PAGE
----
On the implementation chart for NC State’s new research administration system, campus training occupies a single box, positioned as the next-to-last step in a seven-part journey that progresses from process mapping to system launch. But like almost everything involved in rolling out the new centralized system, it’s not as simple as it seems.
For one thing, campus training isn’t a one-time endeavor. The new system is divided into five modules, and each has its own implementation process, complete with user training. And there are different types of users — principal investigators, research administrators, compliance coordinators — with different needs, not to mention different learning styles.
“If you’re not familiar with the industry of training development or human resource development, you don’t really understand the complexities,” says Lynley Wentzel, who joined the Office of Research and Innovation last fall to spearhead campus training for the new system.
Wentzel, who is completing a doctorate in human resource development and training in the College of Education, has worked in the field for nearly 20 years, primarily as a trainer and instructional designer for health care organizations. She’s at home discussing the finer points of Kirkpatrick’s Four-Level Training Evaluation Model but also understands the cultural basis for human behavior thanks to an undergraduate degree in anthropology.
From Plans to Action
Wentzel is making good use of her training and experience as she builds the training program for the new system, dubbed Research Enterprise Data. NC State has licensed the system from industry leader InfoEd Global, whose integrated suite of software products has been used by colleges and universities for over two decades.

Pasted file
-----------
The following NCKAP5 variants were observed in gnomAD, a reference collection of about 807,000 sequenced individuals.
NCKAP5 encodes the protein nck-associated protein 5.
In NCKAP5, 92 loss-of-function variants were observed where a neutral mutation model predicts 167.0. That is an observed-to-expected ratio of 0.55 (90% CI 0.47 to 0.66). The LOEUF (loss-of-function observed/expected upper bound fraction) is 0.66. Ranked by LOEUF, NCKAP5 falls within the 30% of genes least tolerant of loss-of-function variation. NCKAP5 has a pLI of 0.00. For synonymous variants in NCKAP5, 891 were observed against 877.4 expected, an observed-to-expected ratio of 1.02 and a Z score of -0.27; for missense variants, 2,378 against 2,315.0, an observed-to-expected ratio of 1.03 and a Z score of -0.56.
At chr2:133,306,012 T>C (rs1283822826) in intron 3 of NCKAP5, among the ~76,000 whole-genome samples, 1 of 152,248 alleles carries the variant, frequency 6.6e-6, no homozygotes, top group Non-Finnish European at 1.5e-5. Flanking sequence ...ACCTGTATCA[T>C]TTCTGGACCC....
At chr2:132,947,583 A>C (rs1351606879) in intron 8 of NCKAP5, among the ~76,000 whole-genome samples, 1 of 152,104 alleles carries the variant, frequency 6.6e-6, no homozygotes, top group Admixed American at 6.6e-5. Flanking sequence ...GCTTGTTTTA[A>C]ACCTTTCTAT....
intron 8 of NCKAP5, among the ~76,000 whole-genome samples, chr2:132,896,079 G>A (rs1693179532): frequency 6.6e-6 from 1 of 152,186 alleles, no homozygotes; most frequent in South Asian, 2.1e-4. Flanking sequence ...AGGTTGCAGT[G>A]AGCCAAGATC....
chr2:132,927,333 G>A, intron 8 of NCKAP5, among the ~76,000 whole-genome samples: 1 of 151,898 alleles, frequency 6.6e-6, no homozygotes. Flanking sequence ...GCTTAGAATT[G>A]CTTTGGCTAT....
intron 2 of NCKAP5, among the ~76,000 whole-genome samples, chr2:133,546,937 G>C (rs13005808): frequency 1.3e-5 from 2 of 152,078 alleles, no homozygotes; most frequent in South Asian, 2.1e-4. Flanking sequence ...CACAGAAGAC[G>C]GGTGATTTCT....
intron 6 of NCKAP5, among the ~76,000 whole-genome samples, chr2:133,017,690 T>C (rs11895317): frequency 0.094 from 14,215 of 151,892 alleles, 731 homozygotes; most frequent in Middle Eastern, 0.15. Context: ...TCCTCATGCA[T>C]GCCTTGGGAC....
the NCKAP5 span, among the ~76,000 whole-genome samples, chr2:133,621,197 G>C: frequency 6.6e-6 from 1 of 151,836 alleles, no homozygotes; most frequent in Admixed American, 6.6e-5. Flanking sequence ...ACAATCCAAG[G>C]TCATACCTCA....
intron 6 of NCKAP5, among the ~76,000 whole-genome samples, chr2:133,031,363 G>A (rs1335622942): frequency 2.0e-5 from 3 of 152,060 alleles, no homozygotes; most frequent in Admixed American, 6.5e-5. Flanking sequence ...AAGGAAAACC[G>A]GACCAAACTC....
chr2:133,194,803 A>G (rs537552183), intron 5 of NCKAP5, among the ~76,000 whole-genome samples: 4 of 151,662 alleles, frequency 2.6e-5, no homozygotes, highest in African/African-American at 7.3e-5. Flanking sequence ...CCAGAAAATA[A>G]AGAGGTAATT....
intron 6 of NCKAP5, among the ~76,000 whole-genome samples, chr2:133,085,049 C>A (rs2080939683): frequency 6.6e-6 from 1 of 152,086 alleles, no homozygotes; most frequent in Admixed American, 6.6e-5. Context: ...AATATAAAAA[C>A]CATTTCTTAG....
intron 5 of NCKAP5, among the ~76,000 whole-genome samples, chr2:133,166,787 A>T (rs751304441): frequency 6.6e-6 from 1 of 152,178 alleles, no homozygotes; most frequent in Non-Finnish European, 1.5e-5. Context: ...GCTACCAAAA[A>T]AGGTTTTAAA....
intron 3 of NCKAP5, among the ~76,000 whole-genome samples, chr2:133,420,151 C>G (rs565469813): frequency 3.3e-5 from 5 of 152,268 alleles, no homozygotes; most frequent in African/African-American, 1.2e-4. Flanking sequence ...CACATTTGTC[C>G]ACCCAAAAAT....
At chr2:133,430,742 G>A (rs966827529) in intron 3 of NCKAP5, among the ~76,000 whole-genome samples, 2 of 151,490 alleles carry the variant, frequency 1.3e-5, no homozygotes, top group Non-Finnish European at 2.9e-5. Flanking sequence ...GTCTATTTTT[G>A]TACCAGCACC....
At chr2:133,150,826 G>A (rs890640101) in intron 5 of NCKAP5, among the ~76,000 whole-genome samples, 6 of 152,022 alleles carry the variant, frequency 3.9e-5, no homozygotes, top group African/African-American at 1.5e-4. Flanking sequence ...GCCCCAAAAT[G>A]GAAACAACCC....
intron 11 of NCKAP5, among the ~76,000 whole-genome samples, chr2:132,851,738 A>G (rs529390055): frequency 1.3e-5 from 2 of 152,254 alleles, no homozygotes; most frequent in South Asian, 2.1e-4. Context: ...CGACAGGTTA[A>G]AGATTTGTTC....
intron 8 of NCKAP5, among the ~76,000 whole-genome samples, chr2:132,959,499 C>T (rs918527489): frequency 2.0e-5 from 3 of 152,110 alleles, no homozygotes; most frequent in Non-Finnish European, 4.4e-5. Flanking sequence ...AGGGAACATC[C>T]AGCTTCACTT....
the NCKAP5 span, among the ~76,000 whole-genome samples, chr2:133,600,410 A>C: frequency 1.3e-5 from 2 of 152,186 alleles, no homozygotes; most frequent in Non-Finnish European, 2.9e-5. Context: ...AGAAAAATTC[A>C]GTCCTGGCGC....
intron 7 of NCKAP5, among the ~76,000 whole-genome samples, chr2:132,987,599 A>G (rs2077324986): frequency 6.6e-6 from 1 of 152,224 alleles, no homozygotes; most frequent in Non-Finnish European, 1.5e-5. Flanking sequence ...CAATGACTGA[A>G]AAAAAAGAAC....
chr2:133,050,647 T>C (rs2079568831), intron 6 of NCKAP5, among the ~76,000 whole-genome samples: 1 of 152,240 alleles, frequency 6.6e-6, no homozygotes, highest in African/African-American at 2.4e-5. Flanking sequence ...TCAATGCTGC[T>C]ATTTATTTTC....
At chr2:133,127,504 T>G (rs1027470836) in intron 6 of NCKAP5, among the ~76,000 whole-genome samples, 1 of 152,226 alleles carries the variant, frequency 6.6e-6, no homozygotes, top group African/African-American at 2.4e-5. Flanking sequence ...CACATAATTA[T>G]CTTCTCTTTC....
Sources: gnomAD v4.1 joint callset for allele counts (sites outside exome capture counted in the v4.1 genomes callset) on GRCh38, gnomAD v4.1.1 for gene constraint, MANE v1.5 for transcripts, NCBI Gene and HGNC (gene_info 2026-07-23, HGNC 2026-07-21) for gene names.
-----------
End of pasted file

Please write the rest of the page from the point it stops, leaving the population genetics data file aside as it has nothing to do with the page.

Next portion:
Wentzel’s training plan goes into action in April to help users of the first module — animal care and use — make the switch to the new centralized system. The current process requires researchers to download forms from a website and then submit their paperwork to reviewers by email.
Training will be delivered using a blended approach, with both e-learning and classroom sessions, as well as a training manual and quick reference guides.
“Training is vital to the success of the project,” Wentzel says. “Not only are users learning new processes, they’re also learning a new computer program they likely haven’t used before. It’s a huge change.”
Some of the training will be conducted in computer labs on campus to provide what Wentzel calls “action-based experiential guided learning.” It’s the kind of hands-on training that allows users to enter and change data, generate and submit reports and complete many of the common tasks involved in managing a research project.
For users who don’t attend a training class in person, e-learning modules will provide the same information without the hands-on experience. Some may opt to just read the manual.
“I adapt my training style to the needs of the community that I’m serving,” Wentzel explains. “High-end users typically will take either the user manual or the quick reference guide and that’s all they need. There are some people who cannot do online classes. They have to have that face-to-face experience.”
Wentzel hopes the training process is a two-way street. She wants to learn enough from user feedback in the coming months to fine-tune the training plans for future modules. “I love the challenge,” she says. “We not only want to make the current training better, we want to eliminate any roadblocks and hiccups that might affect future modules, because we have four more after this one.”